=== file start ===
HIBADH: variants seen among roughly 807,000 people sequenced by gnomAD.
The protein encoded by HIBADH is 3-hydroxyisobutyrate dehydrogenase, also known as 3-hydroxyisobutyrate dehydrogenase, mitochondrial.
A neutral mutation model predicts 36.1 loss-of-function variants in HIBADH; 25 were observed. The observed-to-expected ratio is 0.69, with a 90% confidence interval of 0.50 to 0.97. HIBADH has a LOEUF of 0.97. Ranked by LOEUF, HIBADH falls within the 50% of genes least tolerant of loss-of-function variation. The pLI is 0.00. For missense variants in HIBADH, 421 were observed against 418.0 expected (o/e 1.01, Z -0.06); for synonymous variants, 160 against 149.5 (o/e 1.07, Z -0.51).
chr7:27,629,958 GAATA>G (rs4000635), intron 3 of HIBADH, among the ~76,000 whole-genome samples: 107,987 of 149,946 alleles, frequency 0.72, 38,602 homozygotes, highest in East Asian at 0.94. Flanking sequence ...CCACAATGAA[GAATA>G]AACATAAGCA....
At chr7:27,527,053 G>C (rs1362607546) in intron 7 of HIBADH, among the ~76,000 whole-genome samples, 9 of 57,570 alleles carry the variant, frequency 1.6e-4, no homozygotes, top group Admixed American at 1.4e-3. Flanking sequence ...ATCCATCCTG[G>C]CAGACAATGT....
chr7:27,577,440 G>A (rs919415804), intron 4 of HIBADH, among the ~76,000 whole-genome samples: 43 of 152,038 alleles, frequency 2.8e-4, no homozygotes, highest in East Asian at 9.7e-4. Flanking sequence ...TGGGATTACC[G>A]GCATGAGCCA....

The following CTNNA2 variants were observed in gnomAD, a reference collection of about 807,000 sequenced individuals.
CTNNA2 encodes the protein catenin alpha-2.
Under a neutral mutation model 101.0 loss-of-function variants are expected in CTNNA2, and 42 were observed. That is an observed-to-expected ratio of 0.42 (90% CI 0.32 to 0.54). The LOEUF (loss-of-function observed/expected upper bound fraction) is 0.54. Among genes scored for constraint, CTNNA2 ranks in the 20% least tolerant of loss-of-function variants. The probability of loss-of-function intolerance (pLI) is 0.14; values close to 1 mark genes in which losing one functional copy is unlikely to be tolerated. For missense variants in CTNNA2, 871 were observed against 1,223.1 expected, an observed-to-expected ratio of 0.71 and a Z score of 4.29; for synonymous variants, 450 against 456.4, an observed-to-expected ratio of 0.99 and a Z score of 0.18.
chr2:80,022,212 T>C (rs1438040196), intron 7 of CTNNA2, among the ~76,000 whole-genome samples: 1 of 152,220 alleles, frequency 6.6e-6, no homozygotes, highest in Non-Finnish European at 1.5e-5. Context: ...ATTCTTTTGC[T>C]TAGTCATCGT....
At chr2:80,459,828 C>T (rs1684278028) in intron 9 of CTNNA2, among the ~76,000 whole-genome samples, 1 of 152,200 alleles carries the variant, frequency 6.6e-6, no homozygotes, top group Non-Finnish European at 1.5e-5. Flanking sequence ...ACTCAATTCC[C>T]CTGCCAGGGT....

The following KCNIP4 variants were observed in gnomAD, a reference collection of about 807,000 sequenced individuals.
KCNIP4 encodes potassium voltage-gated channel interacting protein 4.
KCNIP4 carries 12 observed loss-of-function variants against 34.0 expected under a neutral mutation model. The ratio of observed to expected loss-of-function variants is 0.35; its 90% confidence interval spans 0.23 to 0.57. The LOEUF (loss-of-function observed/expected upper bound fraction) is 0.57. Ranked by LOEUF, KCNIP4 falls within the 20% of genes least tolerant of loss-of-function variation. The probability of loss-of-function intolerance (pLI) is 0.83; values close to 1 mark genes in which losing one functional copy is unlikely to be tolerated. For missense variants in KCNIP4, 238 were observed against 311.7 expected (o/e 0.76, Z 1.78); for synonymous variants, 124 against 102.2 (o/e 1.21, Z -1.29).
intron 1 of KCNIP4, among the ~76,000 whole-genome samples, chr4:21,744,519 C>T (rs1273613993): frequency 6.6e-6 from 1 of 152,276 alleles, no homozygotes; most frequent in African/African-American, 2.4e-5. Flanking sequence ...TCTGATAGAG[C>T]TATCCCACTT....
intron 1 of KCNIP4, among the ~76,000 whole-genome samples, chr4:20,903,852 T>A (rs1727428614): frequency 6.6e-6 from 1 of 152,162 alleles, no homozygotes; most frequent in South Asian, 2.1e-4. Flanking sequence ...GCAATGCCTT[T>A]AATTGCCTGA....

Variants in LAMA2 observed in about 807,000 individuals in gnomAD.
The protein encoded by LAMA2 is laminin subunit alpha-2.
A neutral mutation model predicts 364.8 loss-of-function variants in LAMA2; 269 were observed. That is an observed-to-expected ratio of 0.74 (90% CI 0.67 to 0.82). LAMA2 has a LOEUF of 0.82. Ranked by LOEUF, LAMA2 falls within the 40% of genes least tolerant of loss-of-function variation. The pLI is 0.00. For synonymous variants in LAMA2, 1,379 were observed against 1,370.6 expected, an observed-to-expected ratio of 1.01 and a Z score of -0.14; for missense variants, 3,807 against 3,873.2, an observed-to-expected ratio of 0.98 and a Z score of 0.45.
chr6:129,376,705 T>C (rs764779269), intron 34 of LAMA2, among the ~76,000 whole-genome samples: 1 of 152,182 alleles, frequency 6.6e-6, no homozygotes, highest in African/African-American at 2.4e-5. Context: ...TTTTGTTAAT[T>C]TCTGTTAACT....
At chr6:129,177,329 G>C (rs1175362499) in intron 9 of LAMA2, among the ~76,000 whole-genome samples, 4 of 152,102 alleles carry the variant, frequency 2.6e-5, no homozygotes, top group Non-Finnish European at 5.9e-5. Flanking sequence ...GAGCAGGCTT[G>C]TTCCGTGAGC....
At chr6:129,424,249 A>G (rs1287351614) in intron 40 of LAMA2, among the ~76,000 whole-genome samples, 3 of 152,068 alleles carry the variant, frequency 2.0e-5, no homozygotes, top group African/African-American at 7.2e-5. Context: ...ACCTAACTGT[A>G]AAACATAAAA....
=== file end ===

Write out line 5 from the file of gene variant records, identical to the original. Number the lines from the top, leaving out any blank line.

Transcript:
At chr7:27,527,053 G>C (rs1362607546) in intron 7 of HIBADH, among the ~76,000 whole-genome samples, 9 of 57,570 alleles carry the variant, frequency 1.6e-4, no homozygotes, top group Admixed American at 1.4e-3. Flanking sequence ...ATCCATCCTG[G>C]CAGACAATGT....